March 31, 2009

Moussolou (2)

I can get really annoyed by those who consider Oumou Sangaré to be the first Malian artist to sing about women's issues. Those who have visited the country will agree that there is not (and has never been) a lack of 'strong' women in Mali. I would even go so far as to state that the country has managed to survive mainly by the efforts of the female population.

The plight of women has been the subject of great singers long before Oumou. The topics may have changed with the times, but the message has remained essentially the same.
All things considered Kandia Kouyaté has always been a symbol of the determination and strength of Malian women and doesn't even have to sing about women to achieve this. One only has to look at her, performing on Malian television at the age of 18, to see the incredible personality and power of this Grand Dame of Malian music. Here she is in another video from the early 1980s, a song entitled "Moussolou" (women)...

You may have noted that I have added the chat with presenter Zoumana Yoro Traoré. Even if you don't understand a word of Bambara you will have to acknowledge the confidence shown by this young star...

Her first lp, recorded with the help of fan and sponsor Amary Daou, offers more proof of this confidence and of Kandia's strong personality. Just listen how she announces the titles of the tracks.
My favourite track on this is the last, but there are really no weaker tracks on this great album by one of Mali's alltime superstars.

In the near future I will post more music and more videos of Kandia, including some material which has not been previously released.

AD 001

March 30, 2009

Africa Mbonda

In an earlier post I have expressed my surprise about the lack of information on the www about Johnny Bokelo. There has been no improvement since, and it seems unlikely there will be in the near future.

So we have to rely on our ears for information.
This record is a good as any starting point. Released in Kenya in 1988 it does tell a story about the mechanics of Bokelo and his orchestra. The first track gives an immediate insight into his influences. The song kicks off with a rhythm resembling the 1987 TP OK Jazz song "Tala Merci Bapesaka Na Mbua"; the vocals are definitely influenced by Pepe Kalle. The influence of Franco has been predominant in the whole of his career and, like Franco, Bokelo has moved with the times. When, in the 1980s, Franco incorporated the successful vocal sound of Empire Bakuba's heavyweight star by moving Madilu to the foreground, Bokelo followed...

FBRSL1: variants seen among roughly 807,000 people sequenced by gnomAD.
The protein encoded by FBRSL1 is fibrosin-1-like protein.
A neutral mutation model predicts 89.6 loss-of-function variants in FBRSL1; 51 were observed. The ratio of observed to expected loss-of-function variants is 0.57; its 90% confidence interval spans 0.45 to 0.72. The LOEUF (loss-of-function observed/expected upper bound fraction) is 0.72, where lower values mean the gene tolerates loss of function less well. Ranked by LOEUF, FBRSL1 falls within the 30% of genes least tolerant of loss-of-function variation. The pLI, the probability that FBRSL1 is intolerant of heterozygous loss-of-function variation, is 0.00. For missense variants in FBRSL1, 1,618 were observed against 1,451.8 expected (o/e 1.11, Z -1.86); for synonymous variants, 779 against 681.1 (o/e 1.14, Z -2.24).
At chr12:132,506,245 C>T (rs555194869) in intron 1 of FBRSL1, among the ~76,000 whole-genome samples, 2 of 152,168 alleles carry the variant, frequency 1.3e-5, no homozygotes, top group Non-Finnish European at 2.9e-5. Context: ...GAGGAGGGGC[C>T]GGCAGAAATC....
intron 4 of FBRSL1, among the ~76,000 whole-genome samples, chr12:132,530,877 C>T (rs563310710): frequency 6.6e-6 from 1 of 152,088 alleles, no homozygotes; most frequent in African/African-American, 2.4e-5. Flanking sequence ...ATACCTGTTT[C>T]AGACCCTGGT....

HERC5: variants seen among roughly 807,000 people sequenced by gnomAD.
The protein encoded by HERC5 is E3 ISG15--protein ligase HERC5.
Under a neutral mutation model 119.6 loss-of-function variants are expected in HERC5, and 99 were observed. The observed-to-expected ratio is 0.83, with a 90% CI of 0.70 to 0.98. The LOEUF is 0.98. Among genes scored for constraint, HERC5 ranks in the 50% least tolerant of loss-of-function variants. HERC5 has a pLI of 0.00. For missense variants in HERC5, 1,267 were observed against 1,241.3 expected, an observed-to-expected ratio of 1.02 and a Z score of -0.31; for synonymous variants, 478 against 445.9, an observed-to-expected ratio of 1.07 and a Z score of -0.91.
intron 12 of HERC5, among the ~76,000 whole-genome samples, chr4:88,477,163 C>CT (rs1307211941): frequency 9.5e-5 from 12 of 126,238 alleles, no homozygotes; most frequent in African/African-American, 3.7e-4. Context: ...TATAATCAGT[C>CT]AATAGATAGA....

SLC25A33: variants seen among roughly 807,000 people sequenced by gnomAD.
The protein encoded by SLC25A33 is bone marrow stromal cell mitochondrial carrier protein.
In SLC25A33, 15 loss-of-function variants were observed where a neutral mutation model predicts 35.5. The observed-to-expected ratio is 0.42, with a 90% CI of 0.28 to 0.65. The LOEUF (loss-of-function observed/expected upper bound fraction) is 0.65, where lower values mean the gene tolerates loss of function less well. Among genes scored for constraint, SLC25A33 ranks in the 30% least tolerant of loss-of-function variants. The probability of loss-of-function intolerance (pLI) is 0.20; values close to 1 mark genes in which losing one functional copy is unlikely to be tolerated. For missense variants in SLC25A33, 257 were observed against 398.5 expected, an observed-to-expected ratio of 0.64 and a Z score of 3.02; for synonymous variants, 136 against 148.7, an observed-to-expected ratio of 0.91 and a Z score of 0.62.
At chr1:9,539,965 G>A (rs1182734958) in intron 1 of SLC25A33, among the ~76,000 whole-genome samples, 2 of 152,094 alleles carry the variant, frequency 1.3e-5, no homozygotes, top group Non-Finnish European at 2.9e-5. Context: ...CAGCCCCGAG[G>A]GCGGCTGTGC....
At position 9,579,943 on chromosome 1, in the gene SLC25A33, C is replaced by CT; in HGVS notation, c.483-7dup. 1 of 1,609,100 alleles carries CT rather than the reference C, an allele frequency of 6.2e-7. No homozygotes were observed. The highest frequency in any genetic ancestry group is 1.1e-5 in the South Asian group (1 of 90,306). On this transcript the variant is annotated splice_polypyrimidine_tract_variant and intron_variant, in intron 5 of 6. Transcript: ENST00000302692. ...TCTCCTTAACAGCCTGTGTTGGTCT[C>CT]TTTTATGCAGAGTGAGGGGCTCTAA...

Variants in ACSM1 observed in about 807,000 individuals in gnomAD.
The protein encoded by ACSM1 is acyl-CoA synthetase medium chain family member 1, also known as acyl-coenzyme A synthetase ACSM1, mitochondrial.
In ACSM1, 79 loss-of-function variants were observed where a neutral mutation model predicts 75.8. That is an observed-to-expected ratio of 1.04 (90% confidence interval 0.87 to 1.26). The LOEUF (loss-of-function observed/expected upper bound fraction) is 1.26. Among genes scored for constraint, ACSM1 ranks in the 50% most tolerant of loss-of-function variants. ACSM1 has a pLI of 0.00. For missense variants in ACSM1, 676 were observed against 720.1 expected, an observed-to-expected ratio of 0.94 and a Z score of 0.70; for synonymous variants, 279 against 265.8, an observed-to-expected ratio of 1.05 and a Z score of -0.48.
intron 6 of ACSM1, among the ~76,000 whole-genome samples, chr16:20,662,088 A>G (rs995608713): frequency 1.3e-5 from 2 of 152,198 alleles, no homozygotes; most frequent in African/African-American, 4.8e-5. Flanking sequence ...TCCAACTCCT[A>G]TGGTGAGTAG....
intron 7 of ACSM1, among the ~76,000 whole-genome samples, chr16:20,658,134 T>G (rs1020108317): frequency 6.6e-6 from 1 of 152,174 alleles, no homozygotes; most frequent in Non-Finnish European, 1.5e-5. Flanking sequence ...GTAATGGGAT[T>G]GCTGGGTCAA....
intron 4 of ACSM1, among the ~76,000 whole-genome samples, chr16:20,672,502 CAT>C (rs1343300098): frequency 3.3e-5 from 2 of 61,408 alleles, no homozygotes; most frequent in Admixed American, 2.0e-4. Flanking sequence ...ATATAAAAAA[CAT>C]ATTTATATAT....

If you listen carefully you will detect some influences from the east of Africa; most notably in the singing in the second track. Bokelo catered for the considerable following he had in those countries.

This is not Bokelo's best lp, but in my opinion it still manages to beat the majority of the records that have been released since.

KVL 5007


One doesn't have to try very hard to find amazing amounts of latin music on the internet. The majority of this is salsa. And I mean this in the narrow sense of the word as it is accurately described here. Personally I am inclined to prefer the music of pre-salsa times, and for this I refer you gladly to the listentoyourears blog (which in my opinion is on a level of its own*).

Strangely the salsa artists I like always turn out to have Cuban origins. Apparently the son & rumba roots are difficult to lose. This is the case with both Papaito and Monguito, who have unfortunately both passed away (in 2000 and 2006). They both feature on this classic collection from the SAR label with two songs. The remaining tracks are by another artist with Cuban roots, SAR-(co)founder Roberto Torres, and by Conjunto Crema (no Cubans there, I think).

Cañonazo seems a bit exaggerated, but it's certainly an enjoyable collection.

SAR 1041 (new link November 10, 2012)

*despite the use of rapidshare....

March 29, 2009

Mbira singles

Although I like all kinds of music from Zimbabwe, the Zimbabwean music that - to me - really reaches the parts other can't is mostly traditional. I have a soft spot for the mbira.
This soft spot has only increased in size since seeing Hakurotwe Mude and his Mhuri Yekwa Rwizi ensemble perform (in 1994). I had been a fan of his since I had heard him on Shona Mbira Music and The Soul of Mbira (this album, originally released in 1973, is a must for any serious music lover), but live he was even more impressive and profound. Unfortunately most of the later records don't succeed in conveying the essence of this spirit music. This is understandable. The ancestors are not likely to communicate in the profane surroundings of a studio.